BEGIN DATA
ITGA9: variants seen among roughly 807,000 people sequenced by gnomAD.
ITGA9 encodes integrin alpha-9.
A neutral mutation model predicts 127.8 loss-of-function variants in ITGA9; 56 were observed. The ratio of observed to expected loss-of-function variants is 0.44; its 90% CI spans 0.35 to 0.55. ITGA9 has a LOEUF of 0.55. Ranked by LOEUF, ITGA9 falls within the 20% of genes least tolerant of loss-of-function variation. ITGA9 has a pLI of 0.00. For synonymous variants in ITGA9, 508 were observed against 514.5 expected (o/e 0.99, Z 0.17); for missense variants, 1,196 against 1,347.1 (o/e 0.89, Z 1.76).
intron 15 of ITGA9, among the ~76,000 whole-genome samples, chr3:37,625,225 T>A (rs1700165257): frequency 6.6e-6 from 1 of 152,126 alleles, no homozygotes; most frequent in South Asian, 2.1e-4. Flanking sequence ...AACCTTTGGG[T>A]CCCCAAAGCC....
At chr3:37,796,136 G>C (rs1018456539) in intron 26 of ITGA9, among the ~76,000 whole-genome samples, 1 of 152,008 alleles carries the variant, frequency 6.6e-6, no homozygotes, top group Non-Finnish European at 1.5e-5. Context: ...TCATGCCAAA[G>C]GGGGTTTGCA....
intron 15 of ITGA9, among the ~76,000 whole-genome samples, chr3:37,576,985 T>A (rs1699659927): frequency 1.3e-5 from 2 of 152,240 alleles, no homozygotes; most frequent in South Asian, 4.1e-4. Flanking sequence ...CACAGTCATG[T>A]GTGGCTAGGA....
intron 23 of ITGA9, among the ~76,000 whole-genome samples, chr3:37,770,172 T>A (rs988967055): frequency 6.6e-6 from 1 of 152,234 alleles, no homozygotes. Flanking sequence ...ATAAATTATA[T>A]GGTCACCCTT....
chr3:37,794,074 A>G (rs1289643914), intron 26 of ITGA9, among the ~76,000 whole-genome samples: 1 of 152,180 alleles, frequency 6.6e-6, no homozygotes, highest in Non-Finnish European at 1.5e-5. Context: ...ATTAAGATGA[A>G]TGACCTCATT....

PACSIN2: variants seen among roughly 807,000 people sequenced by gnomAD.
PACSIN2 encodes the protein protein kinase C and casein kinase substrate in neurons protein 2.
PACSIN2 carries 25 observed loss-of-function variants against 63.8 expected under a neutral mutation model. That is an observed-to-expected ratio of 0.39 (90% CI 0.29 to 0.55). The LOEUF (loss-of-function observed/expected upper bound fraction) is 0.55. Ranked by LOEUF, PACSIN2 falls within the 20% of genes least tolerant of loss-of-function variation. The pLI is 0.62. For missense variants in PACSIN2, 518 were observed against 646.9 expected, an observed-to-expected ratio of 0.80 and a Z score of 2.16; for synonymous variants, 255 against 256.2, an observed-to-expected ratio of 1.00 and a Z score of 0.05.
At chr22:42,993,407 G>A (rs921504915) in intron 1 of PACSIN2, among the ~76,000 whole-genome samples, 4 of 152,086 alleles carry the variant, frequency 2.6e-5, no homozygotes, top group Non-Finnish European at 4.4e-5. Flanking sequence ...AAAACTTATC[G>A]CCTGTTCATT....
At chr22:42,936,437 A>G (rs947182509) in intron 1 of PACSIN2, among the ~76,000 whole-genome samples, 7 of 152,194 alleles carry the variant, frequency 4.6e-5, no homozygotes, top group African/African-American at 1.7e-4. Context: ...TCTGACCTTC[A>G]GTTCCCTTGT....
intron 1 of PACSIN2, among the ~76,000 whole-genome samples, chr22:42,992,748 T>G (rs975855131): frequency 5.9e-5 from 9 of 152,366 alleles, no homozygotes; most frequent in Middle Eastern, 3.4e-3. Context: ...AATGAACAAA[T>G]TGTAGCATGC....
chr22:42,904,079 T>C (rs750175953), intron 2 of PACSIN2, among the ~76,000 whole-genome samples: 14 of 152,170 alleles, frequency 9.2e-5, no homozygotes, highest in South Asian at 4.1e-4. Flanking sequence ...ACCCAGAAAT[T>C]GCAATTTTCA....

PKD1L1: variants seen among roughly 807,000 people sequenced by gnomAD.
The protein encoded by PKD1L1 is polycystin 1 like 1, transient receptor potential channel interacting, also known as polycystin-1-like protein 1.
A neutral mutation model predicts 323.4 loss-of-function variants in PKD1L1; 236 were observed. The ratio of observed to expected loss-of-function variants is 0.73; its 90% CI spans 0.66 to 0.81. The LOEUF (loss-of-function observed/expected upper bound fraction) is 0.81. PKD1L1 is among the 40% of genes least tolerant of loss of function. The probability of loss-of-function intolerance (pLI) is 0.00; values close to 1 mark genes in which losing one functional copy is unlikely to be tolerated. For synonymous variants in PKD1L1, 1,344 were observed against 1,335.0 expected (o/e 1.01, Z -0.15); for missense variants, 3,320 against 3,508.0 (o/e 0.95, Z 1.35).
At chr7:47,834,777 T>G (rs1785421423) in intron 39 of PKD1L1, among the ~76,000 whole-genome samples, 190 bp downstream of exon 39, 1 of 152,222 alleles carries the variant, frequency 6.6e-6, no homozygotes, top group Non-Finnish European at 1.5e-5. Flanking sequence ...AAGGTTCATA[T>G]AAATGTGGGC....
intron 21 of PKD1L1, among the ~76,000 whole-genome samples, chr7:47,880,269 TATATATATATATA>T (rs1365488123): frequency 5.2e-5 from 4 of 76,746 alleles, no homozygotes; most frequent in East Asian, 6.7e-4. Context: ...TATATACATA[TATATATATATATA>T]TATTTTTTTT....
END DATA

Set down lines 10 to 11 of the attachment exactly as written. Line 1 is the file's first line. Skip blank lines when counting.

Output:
PACSIN2 encodes the protein protein kinase C and casein kinase substrate in neurons protein 2.
PACSIN2 carries 25 observed loss-of-function variants against 63.8 expected under a neutral mutation model. That is an observed-to-expected ratio of 0.39 (90% CI 0.29 to 0.55). The LOEUF (loss-of-function observed/expected upper bound fraction) is 0.55. Ranked by LOEUF, PACSIN2 falls within the 20% of genes least tolerant of loss-of-function variation. The pLI is 0.62. For missense variants in PACSIN2, 518 were observed against 646.9 expected, an observed-to-expected ratio of 0.80 and a Z score of 2.16; for synonymous variants, 255 against 256.2, an observed-to-expected ratio of 1.00 and a Z score of 0.05.